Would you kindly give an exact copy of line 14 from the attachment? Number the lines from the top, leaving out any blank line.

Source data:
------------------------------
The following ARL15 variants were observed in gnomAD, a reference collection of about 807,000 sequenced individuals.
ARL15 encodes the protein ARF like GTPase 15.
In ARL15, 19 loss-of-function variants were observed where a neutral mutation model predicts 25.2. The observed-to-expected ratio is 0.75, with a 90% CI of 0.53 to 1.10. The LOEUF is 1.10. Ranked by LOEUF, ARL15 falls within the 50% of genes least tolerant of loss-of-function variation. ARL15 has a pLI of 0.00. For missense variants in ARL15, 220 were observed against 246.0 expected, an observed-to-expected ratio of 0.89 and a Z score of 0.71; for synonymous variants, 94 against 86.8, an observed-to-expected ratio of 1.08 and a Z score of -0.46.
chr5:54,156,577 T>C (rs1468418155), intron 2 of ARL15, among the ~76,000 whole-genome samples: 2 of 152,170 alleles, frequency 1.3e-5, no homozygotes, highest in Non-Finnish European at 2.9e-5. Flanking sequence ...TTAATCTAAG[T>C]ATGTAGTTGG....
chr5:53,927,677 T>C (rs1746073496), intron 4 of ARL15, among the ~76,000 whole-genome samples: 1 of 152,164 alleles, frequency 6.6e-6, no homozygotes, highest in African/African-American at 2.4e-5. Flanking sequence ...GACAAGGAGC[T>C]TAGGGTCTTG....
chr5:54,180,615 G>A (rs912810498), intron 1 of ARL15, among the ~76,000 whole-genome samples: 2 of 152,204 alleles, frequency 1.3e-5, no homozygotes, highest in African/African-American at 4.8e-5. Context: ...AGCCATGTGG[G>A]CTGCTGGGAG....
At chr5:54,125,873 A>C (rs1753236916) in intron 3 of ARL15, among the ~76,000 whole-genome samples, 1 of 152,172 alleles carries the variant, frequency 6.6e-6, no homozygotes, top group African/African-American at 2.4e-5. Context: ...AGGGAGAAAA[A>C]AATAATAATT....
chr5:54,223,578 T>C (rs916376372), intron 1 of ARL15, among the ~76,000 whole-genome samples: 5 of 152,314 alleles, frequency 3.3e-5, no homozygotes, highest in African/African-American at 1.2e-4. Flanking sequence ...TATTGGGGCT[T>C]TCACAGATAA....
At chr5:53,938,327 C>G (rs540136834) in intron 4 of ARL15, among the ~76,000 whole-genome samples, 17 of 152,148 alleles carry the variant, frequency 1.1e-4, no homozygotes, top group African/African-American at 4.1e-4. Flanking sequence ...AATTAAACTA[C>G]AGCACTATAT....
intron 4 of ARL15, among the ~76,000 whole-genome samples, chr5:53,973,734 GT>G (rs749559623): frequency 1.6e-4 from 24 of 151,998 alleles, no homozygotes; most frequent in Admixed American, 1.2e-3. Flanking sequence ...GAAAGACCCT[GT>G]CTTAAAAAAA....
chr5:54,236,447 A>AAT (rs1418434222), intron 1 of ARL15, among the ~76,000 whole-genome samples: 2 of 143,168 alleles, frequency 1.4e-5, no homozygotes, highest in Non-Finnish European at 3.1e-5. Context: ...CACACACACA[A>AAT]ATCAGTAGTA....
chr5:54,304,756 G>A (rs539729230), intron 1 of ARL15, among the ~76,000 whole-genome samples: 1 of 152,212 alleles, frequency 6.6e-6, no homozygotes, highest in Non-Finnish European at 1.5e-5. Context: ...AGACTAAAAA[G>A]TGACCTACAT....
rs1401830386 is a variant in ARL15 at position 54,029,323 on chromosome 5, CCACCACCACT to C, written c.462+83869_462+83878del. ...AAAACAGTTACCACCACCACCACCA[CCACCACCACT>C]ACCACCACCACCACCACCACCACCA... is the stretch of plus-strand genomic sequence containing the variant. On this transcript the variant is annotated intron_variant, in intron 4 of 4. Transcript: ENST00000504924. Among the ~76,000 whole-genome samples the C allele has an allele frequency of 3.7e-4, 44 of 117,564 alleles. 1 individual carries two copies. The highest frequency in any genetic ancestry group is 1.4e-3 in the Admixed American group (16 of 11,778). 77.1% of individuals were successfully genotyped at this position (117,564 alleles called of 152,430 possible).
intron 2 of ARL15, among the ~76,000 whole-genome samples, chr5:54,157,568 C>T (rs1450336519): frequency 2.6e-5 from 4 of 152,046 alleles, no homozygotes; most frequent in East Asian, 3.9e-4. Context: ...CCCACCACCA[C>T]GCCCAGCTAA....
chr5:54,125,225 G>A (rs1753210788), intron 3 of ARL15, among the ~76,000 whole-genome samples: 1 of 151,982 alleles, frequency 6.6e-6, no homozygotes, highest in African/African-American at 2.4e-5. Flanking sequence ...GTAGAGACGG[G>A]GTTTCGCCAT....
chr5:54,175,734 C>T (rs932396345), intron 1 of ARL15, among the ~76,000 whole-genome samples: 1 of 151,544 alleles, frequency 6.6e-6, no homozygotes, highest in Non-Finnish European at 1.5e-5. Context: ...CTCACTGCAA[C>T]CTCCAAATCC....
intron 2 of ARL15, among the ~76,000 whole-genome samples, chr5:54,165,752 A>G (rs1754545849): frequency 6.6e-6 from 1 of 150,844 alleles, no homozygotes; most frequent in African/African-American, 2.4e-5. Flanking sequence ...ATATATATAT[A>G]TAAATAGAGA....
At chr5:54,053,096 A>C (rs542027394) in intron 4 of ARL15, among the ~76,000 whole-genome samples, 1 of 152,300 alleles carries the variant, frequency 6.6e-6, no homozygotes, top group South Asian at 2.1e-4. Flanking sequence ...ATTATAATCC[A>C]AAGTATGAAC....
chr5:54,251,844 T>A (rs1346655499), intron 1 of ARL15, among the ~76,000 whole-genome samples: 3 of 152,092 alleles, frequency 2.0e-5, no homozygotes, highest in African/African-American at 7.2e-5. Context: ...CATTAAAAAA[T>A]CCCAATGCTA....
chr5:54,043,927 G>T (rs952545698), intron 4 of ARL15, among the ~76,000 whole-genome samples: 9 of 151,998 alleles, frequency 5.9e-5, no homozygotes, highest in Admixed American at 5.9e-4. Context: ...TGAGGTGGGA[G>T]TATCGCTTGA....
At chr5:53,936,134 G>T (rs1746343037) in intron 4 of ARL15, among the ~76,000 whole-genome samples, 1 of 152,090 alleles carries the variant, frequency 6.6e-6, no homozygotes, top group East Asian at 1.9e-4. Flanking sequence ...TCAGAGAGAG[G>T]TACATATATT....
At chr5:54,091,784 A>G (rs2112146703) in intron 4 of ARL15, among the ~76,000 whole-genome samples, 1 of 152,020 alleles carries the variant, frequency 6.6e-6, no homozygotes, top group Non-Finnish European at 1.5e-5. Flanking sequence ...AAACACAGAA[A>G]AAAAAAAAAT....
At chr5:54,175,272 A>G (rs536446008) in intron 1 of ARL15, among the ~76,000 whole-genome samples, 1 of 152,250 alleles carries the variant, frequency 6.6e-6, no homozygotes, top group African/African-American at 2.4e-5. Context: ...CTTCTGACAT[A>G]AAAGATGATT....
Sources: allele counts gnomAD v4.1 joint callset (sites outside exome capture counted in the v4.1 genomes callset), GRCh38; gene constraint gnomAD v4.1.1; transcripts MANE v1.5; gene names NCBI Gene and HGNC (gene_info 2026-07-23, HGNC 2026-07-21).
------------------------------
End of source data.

intron 2 of ARL15, among the ~76,000 whole-genome samples, chr5:54,157,568 C>T (rs1450336519): frequency 2.6e-5 from 4 of 152,046 alleles, no homozygotes; most frequent in East Asian, 3.9e-4. Context: ...CCCACCACCA[C>T]GCCCAGCTAA....